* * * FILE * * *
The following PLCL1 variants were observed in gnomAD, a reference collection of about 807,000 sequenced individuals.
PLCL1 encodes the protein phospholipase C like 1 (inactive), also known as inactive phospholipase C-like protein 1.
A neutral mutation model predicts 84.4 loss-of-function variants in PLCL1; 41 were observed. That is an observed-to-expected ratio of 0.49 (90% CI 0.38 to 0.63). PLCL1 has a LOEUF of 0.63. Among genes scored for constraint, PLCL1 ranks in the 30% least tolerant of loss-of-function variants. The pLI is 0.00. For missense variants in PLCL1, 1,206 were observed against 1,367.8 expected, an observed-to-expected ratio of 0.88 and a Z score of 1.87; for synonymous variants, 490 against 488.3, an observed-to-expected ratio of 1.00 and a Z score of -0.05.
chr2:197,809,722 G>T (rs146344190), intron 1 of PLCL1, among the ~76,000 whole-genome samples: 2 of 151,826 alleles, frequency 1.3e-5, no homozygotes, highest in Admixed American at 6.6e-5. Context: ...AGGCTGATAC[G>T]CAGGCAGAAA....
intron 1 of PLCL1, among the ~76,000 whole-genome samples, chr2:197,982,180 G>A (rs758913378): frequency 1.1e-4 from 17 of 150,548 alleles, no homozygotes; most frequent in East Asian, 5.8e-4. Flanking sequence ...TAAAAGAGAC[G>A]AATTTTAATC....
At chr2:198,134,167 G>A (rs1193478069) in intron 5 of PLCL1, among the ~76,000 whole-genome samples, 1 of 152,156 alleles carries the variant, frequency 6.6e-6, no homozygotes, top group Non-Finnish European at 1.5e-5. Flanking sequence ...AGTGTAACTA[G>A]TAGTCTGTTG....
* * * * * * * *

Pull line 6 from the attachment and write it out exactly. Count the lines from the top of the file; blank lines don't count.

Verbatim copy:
At chr2:198,134,167 G>A (rs1193478069) in intron 5 of PLCL1, among the ~76,000 whole-genome samples, 1 of 152,156 alleles carries the variant, frequency 6.6e-6, no homozygotes, top group Non-Finnish European at 1.5e-5. Flanking sequence ...AGTGTAACTA[G>A]TAGTCTGTTG....